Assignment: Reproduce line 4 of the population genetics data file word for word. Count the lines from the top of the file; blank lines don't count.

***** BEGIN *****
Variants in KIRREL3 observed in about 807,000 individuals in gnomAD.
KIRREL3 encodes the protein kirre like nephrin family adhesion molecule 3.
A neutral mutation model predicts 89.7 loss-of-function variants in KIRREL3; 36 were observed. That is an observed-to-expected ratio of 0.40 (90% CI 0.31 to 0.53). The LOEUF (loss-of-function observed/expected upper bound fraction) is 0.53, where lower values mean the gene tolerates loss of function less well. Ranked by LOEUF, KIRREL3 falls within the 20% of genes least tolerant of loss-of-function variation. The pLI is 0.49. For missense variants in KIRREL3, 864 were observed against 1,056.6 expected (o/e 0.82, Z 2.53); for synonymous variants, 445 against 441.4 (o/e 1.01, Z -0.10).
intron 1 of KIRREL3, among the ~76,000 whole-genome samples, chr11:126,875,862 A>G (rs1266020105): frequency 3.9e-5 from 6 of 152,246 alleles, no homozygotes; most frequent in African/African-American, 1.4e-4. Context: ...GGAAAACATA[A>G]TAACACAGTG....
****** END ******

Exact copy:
intron 1 of KIRREL3, among the ~76,000 whole-genome samples, chr11:126,875,862 A>G (rs1266020105): frequency 3.9e-5 from 6 of 152,246 alleles, no homozygotes; most frequent in African/African-American, 1.4e-4. Context: ...GGAAAACATA[A>G]TAACACAGTG....